Advocacy Group Working To Enforce 'Unenforceable' Law One Restaurant At A Time
A law requiring businesses in Pittsburgh to give workers paid sick leave has been tied up for nearly a year in the courts, so a workers advocacy group is taking the fight directly to restaurant owners.
Under the law passed in August 2015, a worker at any business in the city would accrue one hour of sick time for each 35 hours worked; up to 24 hours per year for smaller employers and 40 hours for larger employers. But a suit filed by several business and organizations is pending before the state Supreme Court, making the law unenforceable.
In reaction, the Restaurant Opportunities Center United is working with three restaurants to start offering the benefit voluntarily. So far they have signed up Apteka, Bantha Tea Bar and Mixtape. All of them are in the Penn Avenue corridor in Bloomfield-Garfield.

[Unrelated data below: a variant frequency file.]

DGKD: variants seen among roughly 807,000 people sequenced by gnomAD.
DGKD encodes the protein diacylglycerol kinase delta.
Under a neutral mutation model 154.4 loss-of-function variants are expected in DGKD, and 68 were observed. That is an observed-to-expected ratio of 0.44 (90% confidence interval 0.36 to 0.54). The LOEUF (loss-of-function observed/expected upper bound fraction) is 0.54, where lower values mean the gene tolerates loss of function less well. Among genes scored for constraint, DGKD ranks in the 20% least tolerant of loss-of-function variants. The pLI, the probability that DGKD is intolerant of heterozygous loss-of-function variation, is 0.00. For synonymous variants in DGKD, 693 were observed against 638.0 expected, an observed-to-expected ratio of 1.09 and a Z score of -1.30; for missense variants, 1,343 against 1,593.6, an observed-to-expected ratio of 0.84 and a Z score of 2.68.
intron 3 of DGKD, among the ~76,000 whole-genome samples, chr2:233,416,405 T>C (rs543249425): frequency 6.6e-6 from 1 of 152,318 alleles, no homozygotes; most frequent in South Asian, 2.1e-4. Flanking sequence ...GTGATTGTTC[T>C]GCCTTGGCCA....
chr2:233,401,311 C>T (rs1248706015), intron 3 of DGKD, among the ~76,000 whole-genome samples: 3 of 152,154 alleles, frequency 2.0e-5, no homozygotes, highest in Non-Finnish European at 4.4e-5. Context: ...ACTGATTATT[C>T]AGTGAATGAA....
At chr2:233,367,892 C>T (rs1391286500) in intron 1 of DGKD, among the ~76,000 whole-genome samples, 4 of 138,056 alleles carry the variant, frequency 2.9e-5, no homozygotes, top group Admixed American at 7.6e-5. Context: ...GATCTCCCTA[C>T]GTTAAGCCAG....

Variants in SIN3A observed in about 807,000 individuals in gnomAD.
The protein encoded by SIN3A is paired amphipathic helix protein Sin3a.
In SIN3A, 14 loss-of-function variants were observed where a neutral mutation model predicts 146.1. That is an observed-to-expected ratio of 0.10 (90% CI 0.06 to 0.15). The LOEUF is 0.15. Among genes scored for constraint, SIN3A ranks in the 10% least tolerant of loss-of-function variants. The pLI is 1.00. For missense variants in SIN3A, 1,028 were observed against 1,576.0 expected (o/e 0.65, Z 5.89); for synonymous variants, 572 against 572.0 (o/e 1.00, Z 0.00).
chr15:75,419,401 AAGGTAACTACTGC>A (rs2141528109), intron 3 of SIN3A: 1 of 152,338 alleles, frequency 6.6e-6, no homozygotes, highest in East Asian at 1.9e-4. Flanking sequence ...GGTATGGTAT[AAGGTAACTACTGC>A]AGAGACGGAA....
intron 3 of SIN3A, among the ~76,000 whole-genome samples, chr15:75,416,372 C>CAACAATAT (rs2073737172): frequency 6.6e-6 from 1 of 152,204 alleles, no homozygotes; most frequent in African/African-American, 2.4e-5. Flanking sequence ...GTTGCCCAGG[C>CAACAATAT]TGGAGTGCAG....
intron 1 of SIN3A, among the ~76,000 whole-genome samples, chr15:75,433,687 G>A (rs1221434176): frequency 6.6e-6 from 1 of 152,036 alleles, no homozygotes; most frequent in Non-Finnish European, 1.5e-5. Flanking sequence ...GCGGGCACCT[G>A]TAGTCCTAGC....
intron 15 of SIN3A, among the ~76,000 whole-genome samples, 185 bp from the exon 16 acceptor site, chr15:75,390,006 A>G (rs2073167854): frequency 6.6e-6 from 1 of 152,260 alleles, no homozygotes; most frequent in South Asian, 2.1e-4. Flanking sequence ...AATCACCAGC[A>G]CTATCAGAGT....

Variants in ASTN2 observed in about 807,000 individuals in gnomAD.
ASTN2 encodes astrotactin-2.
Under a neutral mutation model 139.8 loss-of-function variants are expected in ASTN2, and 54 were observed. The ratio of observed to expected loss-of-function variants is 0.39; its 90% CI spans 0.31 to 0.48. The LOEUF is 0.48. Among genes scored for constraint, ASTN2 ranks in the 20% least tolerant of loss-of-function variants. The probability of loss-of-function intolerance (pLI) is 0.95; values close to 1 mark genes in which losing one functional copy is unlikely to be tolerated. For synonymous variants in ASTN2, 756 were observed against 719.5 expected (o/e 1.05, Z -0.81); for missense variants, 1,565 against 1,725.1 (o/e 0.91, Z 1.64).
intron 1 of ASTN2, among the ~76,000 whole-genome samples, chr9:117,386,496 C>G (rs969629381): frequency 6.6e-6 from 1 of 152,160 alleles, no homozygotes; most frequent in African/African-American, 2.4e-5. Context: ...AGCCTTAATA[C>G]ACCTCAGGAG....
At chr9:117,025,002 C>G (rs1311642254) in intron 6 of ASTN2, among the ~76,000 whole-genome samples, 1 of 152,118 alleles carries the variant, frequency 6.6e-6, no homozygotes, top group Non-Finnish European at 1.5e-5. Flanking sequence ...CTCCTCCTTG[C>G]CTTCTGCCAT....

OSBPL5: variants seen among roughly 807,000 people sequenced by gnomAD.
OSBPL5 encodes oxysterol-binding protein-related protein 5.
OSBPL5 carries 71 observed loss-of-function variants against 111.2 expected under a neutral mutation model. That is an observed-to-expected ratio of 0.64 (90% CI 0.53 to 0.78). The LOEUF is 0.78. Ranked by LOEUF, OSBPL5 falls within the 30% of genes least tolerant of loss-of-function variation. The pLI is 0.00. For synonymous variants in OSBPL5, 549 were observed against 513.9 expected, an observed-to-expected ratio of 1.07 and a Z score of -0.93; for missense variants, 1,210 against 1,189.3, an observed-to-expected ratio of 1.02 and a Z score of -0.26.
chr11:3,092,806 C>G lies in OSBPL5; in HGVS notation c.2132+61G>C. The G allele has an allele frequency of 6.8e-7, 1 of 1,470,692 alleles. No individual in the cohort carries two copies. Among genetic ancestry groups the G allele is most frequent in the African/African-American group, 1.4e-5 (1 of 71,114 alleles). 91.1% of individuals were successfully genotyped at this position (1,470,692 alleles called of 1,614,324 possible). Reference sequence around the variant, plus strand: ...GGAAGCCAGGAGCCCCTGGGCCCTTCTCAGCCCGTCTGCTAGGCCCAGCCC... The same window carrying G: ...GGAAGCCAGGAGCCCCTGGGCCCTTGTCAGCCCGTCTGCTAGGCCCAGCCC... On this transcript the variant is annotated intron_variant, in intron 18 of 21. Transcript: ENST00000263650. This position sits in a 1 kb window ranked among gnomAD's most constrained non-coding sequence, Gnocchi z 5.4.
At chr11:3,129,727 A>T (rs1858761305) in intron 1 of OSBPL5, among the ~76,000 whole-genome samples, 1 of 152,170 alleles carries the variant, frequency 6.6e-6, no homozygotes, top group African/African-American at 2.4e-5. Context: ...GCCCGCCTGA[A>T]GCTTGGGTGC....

“We want to make sure it goes well and we get a lot of people supporting them,” center spokesman Jordan Romanus said. “What we want to do is really just get a density within each business district and then move to the next one.”
Romanus said their next stop is the Allentown neighborhood of Pittsburgh.
Mixtape co-owner Katie Molchan said the idea of offering paid sick time was part of the business plan from the very beginning.
“One of the things we were trying to do was really set up a very collaborative environment where everyone felt like they were really part of the team and invested,” Molchan said. “Not just as someone as who clocks in and clocks out, but maybe had a little bit more invested in the business and maybe felt like they were a little bit more attached to it.”
Molchan is offering more than would be required under proposed city law. Despite having only six employees, they are offering the 40 hours required of businesses with more than 15 employees, and workers can access the sick time right away rather than having to accrue it.
“Is someone’s sick, even if they’ve been with you for a week, you still really don’t want them coming in,” she said.
Molchan said so far they have not seen any abuse of the policy.